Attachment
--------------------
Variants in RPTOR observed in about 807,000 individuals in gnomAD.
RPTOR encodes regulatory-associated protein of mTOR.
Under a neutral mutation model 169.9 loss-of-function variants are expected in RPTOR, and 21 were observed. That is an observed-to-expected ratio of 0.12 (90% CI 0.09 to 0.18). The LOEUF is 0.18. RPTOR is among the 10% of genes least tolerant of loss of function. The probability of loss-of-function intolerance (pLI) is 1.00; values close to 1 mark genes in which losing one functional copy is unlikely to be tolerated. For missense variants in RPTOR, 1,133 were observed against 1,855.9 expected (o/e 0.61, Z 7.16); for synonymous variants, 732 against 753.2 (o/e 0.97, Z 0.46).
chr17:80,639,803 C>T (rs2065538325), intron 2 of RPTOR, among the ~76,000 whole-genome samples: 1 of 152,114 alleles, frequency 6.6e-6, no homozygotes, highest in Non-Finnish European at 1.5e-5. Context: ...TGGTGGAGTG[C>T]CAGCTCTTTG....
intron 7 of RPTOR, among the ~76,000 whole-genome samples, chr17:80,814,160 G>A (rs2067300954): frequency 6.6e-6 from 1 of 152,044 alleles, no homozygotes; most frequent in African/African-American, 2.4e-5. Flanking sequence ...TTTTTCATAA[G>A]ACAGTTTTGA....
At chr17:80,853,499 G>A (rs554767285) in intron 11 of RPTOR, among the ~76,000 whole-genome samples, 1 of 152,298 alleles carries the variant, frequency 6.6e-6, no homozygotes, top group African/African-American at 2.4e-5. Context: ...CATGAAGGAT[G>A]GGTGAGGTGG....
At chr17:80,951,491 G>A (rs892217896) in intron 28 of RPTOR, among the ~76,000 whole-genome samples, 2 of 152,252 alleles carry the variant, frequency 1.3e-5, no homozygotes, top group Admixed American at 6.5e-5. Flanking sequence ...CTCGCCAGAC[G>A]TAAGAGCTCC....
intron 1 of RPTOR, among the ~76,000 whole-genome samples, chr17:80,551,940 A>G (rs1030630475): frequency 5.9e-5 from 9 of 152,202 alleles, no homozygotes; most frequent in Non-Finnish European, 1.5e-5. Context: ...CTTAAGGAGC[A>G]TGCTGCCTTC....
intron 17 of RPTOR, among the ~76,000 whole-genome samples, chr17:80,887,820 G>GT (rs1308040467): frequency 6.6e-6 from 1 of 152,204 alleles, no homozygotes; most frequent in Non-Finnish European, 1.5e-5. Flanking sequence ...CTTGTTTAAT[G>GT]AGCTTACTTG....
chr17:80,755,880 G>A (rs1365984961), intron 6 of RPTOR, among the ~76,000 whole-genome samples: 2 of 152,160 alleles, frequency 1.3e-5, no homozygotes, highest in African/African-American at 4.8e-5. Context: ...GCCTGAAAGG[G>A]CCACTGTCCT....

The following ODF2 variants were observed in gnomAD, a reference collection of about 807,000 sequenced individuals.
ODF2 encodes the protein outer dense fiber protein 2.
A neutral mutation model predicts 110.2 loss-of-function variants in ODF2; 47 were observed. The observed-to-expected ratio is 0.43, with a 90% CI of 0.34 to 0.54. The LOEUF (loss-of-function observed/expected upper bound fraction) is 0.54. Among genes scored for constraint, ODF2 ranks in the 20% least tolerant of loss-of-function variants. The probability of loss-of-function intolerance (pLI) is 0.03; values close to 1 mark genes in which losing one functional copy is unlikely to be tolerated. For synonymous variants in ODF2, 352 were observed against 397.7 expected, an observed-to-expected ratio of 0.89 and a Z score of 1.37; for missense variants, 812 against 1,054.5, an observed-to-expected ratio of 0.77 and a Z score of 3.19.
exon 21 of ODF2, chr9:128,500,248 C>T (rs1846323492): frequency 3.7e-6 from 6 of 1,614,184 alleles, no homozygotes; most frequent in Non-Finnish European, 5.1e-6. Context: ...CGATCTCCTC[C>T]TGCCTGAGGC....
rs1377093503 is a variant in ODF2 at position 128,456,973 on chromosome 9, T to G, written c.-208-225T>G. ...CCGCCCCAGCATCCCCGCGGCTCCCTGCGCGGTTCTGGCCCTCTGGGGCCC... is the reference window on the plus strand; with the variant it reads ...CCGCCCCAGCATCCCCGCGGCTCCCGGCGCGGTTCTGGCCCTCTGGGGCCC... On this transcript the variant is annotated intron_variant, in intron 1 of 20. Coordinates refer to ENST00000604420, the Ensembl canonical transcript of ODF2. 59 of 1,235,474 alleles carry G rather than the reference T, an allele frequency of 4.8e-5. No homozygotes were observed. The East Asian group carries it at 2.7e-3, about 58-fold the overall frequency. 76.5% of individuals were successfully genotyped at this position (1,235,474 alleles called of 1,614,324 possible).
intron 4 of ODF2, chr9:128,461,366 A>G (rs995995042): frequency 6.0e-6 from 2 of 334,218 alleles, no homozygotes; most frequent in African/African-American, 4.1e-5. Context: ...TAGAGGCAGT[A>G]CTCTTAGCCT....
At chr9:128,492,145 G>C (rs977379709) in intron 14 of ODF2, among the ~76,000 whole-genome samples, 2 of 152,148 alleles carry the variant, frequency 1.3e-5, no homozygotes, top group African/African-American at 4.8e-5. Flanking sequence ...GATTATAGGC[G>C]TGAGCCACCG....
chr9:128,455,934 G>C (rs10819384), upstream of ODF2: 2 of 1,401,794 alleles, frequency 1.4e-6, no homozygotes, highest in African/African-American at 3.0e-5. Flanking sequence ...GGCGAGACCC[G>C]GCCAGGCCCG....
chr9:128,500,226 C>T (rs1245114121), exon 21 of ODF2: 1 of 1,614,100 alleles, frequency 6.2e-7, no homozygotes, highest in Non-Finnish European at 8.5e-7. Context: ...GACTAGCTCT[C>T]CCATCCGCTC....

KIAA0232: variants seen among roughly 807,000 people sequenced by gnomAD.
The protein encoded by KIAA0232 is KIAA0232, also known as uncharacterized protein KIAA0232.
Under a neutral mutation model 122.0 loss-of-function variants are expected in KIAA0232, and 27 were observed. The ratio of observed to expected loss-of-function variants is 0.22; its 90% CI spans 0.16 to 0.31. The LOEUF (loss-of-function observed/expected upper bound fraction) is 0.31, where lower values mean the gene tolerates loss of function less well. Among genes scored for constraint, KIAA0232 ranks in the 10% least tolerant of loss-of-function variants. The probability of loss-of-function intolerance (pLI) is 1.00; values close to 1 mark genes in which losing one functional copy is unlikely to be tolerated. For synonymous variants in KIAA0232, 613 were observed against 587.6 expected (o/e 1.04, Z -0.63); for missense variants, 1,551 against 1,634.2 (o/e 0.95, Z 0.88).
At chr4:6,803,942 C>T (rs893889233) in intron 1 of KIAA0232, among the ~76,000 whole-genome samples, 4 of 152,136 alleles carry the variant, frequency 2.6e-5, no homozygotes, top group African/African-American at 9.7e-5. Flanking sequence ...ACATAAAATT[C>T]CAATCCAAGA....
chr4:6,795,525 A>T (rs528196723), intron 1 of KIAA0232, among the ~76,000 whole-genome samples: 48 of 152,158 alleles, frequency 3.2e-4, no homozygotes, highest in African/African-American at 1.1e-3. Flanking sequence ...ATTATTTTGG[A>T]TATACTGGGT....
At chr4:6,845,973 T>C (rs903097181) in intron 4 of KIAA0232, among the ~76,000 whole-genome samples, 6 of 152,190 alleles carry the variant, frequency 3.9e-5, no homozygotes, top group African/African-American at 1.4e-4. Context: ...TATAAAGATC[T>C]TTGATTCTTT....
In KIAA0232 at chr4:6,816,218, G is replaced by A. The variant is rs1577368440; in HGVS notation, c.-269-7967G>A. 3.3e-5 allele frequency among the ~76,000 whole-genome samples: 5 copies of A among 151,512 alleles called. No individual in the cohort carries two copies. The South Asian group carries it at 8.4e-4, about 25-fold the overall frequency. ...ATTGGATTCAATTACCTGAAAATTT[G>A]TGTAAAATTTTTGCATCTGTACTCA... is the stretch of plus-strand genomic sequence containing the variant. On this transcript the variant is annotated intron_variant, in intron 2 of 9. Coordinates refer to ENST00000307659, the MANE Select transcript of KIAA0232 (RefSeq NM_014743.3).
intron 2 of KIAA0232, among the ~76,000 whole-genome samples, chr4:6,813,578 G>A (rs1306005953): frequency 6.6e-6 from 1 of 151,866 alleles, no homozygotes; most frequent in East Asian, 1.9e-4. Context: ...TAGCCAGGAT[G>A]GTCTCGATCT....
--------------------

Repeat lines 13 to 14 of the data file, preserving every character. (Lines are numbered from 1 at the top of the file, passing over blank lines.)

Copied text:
A neutral mutation model predicts 110.2 loss-of-function variants in ODF2; 47 were observed. The observed-to-expected ratio is 0.43, with a 90% CI of 0.34 to 0.54. The LOEUF (loss-of-function observed/expected upper bound fraction) is 0.54. Among genes scored for constraint, ODF2 ranks in the 20% least tolerant of loss-of-function variants. The probability of loss-of-function intolerance (pLI) is 0.03; values close to 1 mark genes in which losing one functional copy is unlikely to be tolerated. For synonymous variants in ODF2, 352 were observed against 397.7 expected, an observed-to-expected ratio of 0.89 and a Z score of 1.37; for missense variants, 812 against 1,054.5, an observed-to-expected ratio of 0.77 and a Z score of 3.19.
exon 21 of ODF2, chr9:128,500,248 C>T (rs1846323492): frequency 3.7e-6 from 6 of 1,614,184 alleles, no homozygotes; most frequent in Non-Finnish European, 5.1e-6. Context: ...CGATCTCCTC[C>T]TGCCTGAGGC....